Today’s feast brings to mind an episode in the life of the Apostle Paul. It occurs during his second missionary journey, some twenty years after our Lord’s death and resurrection. Paul has arrived in Athens. ‘Standing in front of the Areopagus’ (Acts 17:22), he speaks for the first time to a non-Jewish audience, to the leading Athenians. The Gospel is crossing a threshold, encountering a quite other mentality from that of its Jewish homeland. St Paul says his say, but when he mentions the raising of Jesus from the dead – the resurrection of Christ – he is met, drowned out perhaps, by laughter. ‘At the mention of rising from the dead, some’ of his listeners, says Acts, ‘burst out laughing’ (Acts 17:32). The idea is ridiculous. So it was to the Greek mind. Perhaps we can say that this ‘laughter’ at the Resurrection runs through the centuries. The notion of bodily resurrection flies in the face of all the evidence. After the experiences of the 20th c., we might feel that particularly. If there is a resurrection that awaits us, it could only be through some form of genetic engineering or artificial intelligence – not what St Paul had in mind.
But there was another reaction among Paul’s listeners. “Others said, ‘We will hear you again about this.’” That can be read as a rather beautiful phrase: ‘We will hear you again about this.’ The account then makes clear that at least ‘some’ of those ‘others’ joined Paul and ‘became believers’, Dionysius, Damaris and others (Acts 17:33). ‘We will hear you again about this.’ Perhaps that is a key to this feast. Perhaps that’s precisely what this feast is: it’s a hearing again. It’s a hearing again of the Gospel of Resurrection. ‘Christ has been raised from the dead, the first-fruits of all who have fallen asleep.’ It’s a hearing again of what we heard at Easter, not in front of the Areopagus but beside the empty tomb: ‘he is not here, he has risen as he said.’ ‘Easter in August’ is one description of this feast. Today we hear Christ’s Resurrection echoing in another person, Mary. Every Sunday we say, in the words of the Nicene Creed, ‘I look forward to the resurrection of the dead and the life of the world to come’, or, from the Apostles’ Creed, ‘I believe…in the resurrection of the body and life everlasting.’ And what we recite every Sunday, we hear again today. We hear it in the flesh and blood, the body and soul, of Mary of Nazareth, the woman in whom the Word became flesh, who carried him to Elizabeth, gave birth to him in Bethlehem, held him up to the shepherds and the wise men, offered him in the Temple. We hear the Resurrection echoing, repeating itself, re-sounding in the person of the woman who stood by the Cross, now sharing the glory of her son. We hear and we see it: ‘a great sign appeared in heaven.’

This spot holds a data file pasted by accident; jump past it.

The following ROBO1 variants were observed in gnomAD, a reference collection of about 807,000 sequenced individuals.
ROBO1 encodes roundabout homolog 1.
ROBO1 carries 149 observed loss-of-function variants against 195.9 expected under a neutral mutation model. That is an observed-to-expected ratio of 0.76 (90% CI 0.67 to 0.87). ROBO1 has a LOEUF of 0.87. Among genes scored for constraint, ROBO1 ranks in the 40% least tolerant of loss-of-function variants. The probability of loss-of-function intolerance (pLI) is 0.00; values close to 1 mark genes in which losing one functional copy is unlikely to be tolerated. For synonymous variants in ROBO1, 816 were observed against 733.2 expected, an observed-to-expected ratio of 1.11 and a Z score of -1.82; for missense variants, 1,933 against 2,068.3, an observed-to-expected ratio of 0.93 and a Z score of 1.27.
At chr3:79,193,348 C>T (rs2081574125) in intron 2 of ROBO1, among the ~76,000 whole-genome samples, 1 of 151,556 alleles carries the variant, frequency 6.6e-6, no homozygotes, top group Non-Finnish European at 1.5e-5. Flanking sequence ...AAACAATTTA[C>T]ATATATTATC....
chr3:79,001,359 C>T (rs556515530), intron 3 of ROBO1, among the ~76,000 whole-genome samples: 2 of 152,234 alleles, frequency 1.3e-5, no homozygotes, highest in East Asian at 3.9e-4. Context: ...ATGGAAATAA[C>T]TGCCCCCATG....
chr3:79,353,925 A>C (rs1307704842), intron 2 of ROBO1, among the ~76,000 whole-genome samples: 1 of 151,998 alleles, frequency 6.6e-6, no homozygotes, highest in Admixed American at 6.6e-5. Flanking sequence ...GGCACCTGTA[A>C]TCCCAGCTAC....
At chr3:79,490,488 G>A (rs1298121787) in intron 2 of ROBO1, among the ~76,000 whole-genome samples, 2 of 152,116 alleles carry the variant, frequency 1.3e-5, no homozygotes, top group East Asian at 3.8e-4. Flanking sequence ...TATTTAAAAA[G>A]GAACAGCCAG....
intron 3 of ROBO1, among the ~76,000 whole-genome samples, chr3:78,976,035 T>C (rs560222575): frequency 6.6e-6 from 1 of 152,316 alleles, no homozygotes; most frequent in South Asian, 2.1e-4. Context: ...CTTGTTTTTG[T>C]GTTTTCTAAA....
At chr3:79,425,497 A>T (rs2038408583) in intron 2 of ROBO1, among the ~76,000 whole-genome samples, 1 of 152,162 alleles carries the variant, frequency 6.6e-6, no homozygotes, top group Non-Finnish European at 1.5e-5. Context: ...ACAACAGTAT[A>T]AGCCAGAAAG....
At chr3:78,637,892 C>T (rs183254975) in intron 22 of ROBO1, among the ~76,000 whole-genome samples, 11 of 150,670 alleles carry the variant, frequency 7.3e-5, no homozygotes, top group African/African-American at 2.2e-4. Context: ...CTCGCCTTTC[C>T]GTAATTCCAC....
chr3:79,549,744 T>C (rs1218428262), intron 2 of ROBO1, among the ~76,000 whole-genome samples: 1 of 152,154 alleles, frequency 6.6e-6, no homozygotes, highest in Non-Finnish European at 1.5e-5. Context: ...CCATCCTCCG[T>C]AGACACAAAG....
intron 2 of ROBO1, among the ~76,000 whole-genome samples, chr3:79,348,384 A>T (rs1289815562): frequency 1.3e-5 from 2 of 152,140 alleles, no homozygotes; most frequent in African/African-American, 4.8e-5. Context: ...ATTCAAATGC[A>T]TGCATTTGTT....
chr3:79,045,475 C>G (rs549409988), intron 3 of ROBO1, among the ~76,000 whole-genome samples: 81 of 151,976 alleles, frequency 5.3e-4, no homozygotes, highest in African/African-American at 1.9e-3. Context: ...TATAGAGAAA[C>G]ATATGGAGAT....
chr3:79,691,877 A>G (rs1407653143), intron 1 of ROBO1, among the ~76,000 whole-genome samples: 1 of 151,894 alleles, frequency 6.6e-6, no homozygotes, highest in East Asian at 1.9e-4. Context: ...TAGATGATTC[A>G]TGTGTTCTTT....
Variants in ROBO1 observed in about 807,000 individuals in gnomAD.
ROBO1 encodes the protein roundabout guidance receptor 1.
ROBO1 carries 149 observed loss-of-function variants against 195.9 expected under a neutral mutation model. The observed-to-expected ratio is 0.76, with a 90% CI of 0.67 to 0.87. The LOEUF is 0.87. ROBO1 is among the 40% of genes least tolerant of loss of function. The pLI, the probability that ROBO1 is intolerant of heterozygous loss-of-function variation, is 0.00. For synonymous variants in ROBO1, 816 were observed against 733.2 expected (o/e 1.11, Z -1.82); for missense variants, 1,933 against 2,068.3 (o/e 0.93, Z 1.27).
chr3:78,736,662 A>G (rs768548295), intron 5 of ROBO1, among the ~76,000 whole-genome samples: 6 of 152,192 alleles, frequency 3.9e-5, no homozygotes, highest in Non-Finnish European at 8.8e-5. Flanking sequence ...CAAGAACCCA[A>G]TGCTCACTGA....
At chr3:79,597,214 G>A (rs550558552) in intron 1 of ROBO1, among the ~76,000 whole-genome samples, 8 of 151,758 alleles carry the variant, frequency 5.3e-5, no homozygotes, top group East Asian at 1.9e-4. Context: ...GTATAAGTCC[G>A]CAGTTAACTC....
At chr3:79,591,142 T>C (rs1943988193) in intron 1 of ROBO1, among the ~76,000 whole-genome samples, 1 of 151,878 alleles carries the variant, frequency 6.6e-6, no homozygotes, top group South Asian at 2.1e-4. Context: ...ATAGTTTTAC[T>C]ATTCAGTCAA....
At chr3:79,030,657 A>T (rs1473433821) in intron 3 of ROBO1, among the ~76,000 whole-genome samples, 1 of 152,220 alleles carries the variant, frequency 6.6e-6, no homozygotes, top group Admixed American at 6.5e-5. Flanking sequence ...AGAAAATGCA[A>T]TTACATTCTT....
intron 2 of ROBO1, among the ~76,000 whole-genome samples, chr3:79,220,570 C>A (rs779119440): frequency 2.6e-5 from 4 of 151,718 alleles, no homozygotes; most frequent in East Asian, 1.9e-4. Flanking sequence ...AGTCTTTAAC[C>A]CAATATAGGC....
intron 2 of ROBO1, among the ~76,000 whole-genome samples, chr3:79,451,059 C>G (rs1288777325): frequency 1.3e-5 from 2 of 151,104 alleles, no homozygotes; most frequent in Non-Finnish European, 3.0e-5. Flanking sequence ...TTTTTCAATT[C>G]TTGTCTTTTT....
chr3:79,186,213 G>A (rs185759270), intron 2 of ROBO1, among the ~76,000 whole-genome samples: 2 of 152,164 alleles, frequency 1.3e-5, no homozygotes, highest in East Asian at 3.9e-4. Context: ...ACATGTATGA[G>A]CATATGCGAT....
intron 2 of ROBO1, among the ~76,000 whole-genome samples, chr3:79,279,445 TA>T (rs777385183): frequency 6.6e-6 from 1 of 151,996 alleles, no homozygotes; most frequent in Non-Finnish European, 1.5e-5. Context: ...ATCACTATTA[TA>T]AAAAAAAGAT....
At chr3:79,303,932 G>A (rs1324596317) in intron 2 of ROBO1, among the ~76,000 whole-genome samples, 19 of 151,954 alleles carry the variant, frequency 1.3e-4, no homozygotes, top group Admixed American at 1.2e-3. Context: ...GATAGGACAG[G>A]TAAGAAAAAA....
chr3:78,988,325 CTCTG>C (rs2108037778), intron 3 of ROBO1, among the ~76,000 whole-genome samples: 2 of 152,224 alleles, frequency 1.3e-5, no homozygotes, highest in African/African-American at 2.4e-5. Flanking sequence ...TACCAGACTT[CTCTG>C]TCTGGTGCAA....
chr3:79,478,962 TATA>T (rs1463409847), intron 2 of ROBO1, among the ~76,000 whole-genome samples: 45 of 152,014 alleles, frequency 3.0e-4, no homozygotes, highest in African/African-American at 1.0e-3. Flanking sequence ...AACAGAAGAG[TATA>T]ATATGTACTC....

And what do we hear when we hear this again? I think we hear that the Resurrection of Christ is not an isolated event, not a one-off. It’s rather the beginning of a chain-reaction. It’s the release of a new, all-pervading energy. Today we hear and see in a wholly human person, Mary, what we’ve already heard and seen in the human nature of the divine person of the Son of God. Today we realise afresh the dimensions of Easter. It embraces body as well as soul, woman as well as man, mother as well as son, the disciple as well as the Master, fragility as well as strength, the Church as well as its Lord, the whole of creation as well as the Word that sustains it.
‘We would like to hear you again about this.’ “For the trumpet will sound, and the dead will be raised imperishable, and we will be changed”, says St Paul again. That trumpet first sounded, as it were, by the empty tomb. It sounds again at the Assumption of Mary. And it will sound again at the end. ‘The dead will hear, says the Gospel of John, ‘…and all who hear will live’ (Jn 5:25).
In another way too, the age-old doctrine of Mary’s Assumption was heard again in 1950 when Pope Pius XII proclaimed it as a dogma of the Catholic faith, after the destruction of so many souls and bodies in Two World Wars. Doesn’t it need to be heard again now when the tide of hope seems on the ebb and imaginations of the future are so commonly dark and dystopian and talk turns to the demise of Homo Sapiens? Who knows what dragons history has in its womb? But ‘Christ has been raised from the dead, the first fruits of all who have fallen asleep.’ ‘A great sign has appeared in heaven’, above all the turmoil, ‘a woman adorned with the sun, standing on the moon and with the twelve stars on her head for a crown.’ A new horizon has been opened to the human race. We can laugh or believe.
We know what Mary did. ‘Blessed is she who believed’, Elizabeth says of her. ‘Blessed is she who believed that there would be a fulfilment of what the Lord had said to her.’ In the hours after the crucifixion of her son, it was Mary who kept alive for the Church faith in his resurrection. Blessed are we when we keep alive in our minds and hearts faith in that fulfilment. Blessed are we when we keep it alive in the world, for one another, giving each other hope. Blessed are we when we hear it again and again, when our hard hearts soften, when we open ourselves to the grandeur of God’s love: ‘He is risen. He is truly risen.’
Perhaps this is now Mary’s mission, assumed as she is into heaven: to bring the Resurrection home to our hearts. Our Lady of holy hope, pray for us!